SINGAPORE — It has been postponed for an entire year, but as the Tokyo Summer Games gets ready to ignite the cauldron on Friday (23 July), there is one question on everyone's mind: Does anybody really want this Olympics to happen now?
In any other Olympic year, this would have been an outrageous question. The Summer Games is, after all, one of the most beloved events in the world, with billions tuning in to be inspired by record-breaking feats by some of the globe's finest athletes.
But with the COVID-19 pandemic still of major concern in most parts of the world - not least of all right in the city of Tokyo - it does seem a touch tone-deaf to call for everyone to take a pause from the battle against the coronavirus and take part in a celebration of sporting values and human spirit.
Could the Olympics rid the world of COVID-19? Of course not. So why are the organisers insistent on holding it in the middle of a worrying spread of the contagious Delta variant?
These are certainly uncomfortable ethical questions as the thousands of athletes, officials, media crew and VIPs descend warily onto Tokyo for 17 days of sporting action, amid arenas devoid of local and international fans.
Loss of two biggest icons through retirement
Even before COVID-19 began to wreak havoc on its well-laid plans last year, the Tokyo Olympics already had its hands full trying to emulate the successes of past editions such as the 2008 Beijing Games and the 2012 London Games.
It has had to contend with the retirements of two of the biggest Olympic stars ever: Usain Bolt and Michael Phelps. With no up-and-coming athletes having as much star power as these two record-breaking icons, public interest for the Games struggled to reach fever pitch even before the pandemic.
Japan has also had to deal with its own major athlete setback, as swimmer Rikako Ikee, who broke out at the 2018 Asian Games with six golds and two silvers, stunned the nation when she announced a year later that she was diagnosed with leukaemia. A bright swimming career was put on hold as she sought treatment.
With the organisational budget already likely to massively exceed its original US$7.3 billion plan, domestic support for the Games was lukewarm at best – and it would bite hard when the pandemic struck.
Reluctance to postpone Games irked many
Already, the International Olympic Committee (IOC) had left a bad taste in the mouth with its reluctance to postpone the Tokyo Games when COVID-19 tore through the world early last year. It was not until countries like Canada and Australia began to pull out that the IOC was forced to confront with the dangers of hosting amid a raging pandemic.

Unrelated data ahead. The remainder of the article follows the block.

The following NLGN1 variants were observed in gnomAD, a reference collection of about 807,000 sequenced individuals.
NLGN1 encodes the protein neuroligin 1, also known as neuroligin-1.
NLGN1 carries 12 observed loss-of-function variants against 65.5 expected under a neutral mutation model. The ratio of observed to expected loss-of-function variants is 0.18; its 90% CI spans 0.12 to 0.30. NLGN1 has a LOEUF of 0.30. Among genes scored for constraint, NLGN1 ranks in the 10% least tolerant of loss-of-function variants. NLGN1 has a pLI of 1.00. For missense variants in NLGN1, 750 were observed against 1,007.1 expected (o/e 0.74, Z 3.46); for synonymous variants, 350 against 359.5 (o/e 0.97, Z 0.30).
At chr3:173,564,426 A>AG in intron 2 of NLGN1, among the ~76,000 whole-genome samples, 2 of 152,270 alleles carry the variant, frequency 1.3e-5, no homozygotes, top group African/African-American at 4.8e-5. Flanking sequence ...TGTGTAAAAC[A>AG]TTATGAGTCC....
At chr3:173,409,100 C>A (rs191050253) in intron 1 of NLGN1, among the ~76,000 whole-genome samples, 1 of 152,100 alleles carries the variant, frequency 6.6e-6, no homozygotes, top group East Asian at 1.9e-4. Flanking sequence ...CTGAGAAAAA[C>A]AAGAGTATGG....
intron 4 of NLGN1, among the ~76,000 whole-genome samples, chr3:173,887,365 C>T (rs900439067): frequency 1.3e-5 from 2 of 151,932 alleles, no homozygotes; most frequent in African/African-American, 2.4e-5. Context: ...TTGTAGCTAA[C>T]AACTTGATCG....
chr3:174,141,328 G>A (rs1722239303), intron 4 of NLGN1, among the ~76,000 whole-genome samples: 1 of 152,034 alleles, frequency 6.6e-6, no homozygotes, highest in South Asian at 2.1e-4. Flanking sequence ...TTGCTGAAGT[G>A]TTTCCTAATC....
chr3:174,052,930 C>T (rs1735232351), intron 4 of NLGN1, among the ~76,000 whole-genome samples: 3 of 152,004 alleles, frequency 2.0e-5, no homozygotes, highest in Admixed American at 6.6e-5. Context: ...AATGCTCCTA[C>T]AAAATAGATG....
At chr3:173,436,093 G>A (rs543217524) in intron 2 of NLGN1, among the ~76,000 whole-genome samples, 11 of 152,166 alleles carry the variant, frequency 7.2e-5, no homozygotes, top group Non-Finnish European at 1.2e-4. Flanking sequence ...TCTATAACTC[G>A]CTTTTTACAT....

Yet, even as the IOC finally decided in March 2020 to postpone the Tokyo Olympics for a year, it remained oblivious to the real-world woes and concerns of the public, as it proudly proclaimed then that the Games could "stand as a beacon of hope to the world during these troubled times".
Really? One wonders if anyone having to suffer the agony of seeing their loved ones battling the coronavirus would ever be soothed by watching athletes win gold medals.
Nevertheless, the general sentiment back then was: if the COVID-19 situation improves by 2021, we could see ourselves being relieved enough to enjoy the Olympics.
Flash forward to 2021, and the situation remains worryingly dire even as vaccination for COVID-19 has begun. Variants of the coronavirus have put a big spanner in the works in many countries' recovery plans.
Unsurprisingly the Olympics is far, far from the minds of the general public; they are preoccupied instead with protecting themselves from the coronavirus, and with adapting to the ever-changing circumstances amid the pandemic. Most definitely, they are not eager for gold-medal winners or world-record beaters right now.
And yet, the IOC says that the Tokyo Olympics will not be postponed again, even as the megapolis is already in the throes of a fourth state of emergency with the authorities still struggling to keep its COVID-19 cases under control. Experts have decried the decision to press on with the Games amid such heavy burden on the city's medical system.